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Aiaiai Tracks repair and possible mod?

post #1 of 7
Thread Starter 

Hi guys, first post here.

 

I recently purchased a pair of Aiaiai Tracks, which I consider, somewhat expensive headphones. Then, I broke them. The cord snagged on my knee and pulled right out of the middle Y-connector. I always sort of felt that the track's cable was awkwardly designed and way too long, so I am currently pursuing a way to repair them that would also improve where I felt the original design lacked.

 

I posted the full description (with images) here: http://geekhack.org/showthread.php?31944-CALLING-ALL-MODDERS!-repairing-and-modding-headphones

 

My current dilemma is figuring out how to disassemble each ear cup without forcing it (there doesn't seem to be any screws), and I was hoping someone had already tried it and had instructions. Other than that, I want to try to solder either 3.5 or 2.5mm jacks into the ear cups, like the Grado mod but I'm not sure if I have enough space. Since I consider this forum probably the best place to get advice on modding headphones, any pointers or alternatives would be greatly appreciated!

 

post #2 of 7

Seems impossible IMO, nothing is impossible beerchug.gif

I also got this problem with AKG ultraportable like K414p or K24p. They have no screws. It glued.

Unless you use force & have strong glue to glue it back. Otherwise will become junk.

 

I found on that the construction is a snap-on, with little glue. So it can be snapped back, with / without adding little glue 


Edited by eskimoo - 6/14/12 at 8:21am
post #3 of 7

This is how you do it:

1.Take the sponges off

2. take the driver out by cutting the glue with a knife and some prying

 

 

3 The rest you'll figure out yourself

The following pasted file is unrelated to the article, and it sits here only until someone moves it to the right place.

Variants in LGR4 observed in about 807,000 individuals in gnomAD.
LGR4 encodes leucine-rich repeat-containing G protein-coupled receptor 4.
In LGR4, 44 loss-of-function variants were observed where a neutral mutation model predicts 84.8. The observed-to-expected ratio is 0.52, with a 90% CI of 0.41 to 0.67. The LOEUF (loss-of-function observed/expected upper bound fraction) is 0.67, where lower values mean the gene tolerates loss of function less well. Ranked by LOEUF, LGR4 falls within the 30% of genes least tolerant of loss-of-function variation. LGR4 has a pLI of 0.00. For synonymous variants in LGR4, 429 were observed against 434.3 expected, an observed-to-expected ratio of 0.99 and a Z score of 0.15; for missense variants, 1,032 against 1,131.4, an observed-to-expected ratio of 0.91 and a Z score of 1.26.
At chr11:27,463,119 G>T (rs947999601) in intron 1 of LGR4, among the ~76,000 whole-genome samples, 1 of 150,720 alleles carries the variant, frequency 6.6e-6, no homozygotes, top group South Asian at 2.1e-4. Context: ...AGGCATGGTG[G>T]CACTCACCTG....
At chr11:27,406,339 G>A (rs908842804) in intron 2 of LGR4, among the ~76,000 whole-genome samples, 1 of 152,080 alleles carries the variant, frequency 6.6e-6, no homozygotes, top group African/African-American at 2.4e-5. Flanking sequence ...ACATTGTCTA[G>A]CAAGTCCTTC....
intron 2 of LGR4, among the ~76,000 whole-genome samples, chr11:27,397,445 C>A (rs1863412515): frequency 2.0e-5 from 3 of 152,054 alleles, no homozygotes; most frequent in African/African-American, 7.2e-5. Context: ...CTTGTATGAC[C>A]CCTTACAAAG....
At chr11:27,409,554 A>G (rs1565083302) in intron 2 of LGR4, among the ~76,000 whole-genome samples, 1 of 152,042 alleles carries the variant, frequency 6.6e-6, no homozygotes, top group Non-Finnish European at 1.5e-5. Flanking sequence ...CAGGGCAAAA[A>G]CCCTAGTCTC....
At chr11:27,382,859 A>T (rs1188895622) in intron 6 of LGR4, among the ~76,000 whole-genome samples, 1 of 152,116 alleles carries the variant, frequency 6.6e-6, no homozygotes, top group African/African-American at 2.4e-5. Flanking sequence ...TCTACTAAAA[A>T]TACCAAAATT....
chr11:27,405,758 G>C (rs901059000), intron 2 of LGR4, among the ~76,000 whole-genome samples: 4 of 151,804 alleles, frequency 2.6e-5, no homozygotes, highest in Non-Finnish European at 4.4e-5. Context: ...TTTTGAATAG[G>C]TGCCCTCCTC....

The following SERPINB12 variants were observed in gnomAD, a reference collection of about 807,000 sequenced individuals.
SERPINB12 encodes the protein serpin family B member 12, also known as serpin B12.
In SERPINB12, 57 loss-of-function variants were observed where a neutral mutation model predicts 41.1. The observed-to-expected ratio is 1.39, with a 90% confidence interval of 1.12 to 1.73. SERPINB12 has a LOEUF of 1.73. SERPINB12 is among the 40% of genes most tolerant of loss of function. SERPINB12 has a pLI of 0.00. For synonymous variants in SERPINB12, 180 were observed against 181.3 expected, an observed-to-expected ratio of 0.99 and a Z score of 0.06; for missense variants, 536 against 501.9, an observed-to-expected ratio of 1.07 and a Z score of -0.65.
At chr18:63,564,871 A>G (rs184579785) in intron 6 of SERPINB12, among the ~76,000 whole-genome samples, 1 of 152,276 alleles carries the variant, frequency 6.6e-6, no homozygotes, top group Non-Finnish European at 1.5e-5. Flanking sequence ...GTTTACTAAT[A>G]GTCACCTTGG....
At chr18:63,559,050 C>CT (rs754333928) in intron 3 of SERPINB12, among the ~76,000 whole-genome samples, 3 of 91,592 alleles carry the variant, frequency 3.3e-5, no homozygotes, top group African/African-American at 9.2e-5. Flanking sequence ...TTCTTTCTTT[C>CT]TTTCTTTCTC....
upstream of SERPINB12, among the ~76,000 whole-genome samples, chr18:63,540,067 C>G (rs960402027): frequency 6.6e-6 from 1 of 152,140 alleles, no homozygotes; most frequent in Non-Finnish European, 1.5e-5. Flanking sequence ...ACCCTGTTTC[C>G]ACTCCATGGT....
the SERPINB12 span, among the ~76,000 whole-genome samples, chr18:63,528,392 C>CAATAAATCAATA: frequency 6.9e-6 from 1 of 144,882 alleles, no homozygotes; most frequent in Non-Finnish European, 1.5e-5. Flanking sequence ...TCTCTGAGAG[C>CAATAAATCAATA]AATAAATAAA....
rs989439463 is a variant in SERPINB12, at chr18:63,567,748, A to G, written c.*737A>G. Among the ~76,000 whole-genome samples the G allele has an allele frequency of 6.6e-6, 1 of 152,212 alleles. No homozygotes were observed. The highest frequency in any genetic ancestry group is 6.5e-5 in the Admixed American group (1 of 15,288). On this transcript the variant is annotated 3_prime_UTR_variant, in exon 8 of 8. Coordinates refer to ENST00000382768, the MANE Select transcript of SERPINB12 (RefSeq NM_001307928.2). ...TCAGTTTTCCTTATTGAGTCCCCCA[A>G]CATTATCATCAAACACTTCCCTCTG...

Some tips:

- The glue used in this case coesn't react to high temperatures. You need to cut through it

-The driver has cheap abs housing so try to not put too much stress on it

- white spots can be cured with 200*C hot air which will help the plastic structure merge back.

- If you cause the diaphgram to bend, then warm up these spots with a quick blow at 100*C. It will quickly warm up the air under the diaphgram and it should pop back.

- Fortunately there's no snap-on parts. Just the glue on a driver and those three screws underneath.

- If you want to perform a recable, then lower left contact on the photo is ground and the upper right is signal.


Edited by rhalf - 4/30/13 at 6:35pm
post #4 of 7
Thread Starter 

Hey rhalf,

 

Thanks for responding after such a long time passing. I was starting to think that I was the only one who owned a pair of tracks. I've just recently disassembled the set and it seems that the right ear driver plays music flawlessly, but the left one doesn't seem to be responding. I tried measuring the resistance across the two terminals on that driver but it doesn't seem like it's making a connection. I'm starting to get worried that I might have damaged something while desoldering the original wires off of it. But then I remembered that I have the version of tracks with the mic and was thinking that I might not be connecting the wires in the correct configuration? Do you have a suggestions?

post #5 of 7

Hi,

Glad you didn't throw your pair away :)

If you measured the driver directly on it's terminals when they weren't soldered to the cables just yet, then you did it right. You could possibly cut the tiny wires from the coil when you were pulling the driver from the cup. 

post #6 of 7
Thread Starter 
Quote:
Originally Posted by rhalf View Post

Hi,

Glad you didn't throw your pair away :)

If you measured the driver directly on it's terminals when they weren't soldered to the cables just yet, then you did it right. You could possibly cut the tiny wires from the coil when you were pulling the driver from the cup. 

If I did accidentally cut the tiny wires from the coil, do you have any suggestions on how I might fix that? 

post #7 of 7

Nothing comes to my head other then soldering another tiny wire to the part that's connected to the coil. Might be challenging.

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